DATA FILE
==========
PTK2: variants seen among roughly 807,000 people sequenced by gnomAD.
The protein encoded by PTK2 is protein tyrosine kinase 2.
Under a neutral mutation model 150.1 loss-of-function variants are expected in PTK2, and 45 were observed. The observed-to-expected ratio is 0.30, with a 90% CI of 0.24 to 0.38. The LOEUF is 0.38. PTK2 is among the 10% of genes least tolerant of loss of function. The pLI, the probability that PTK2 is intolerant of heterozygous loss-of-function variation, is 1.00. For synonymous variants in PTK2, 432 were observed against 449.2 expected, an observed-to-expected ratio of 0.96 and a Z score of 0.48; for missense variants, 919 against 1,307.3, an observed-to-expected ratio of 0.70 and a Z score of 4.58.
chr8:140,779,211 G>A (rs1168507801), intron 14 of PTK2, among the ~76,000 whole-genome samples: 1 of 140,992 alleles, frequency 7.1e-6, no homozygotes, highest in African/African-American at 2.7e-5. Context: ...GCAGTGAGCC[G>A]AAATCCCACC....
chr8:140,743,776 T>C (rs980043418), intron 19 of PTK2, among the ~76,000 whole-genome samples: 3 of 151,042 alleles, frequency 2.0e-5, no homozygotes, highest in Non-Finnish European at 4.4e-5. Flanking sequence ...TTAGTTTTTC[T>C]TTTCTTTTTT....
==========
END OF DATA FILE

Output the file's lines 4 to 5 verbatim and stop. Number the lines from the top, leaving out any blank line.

chr8:140,779,211 G>A (rs1168507801), intron 14 of PTK2, among the ~76,000 whole-genome samples: 1 of 140,992 alleles, frequency 7.1e-6, no homozygotes, highest in African/African-American at 2.7e-5. Context: ...GCAGTGAGCC[G>A]AAATCCCACC....
chr8:140,743,776 T>C (rs980043418), intron 19 of PTK2, among the ~76,000 whole-genome samples: 3 of 151,042 alleles, frequency 2.0e-5, no homozygotes, highest in Non-Finnish European at 4.4e-5. Flanking sequence ...TTAGTTTTTC[T>C]TTTCTTTTTT....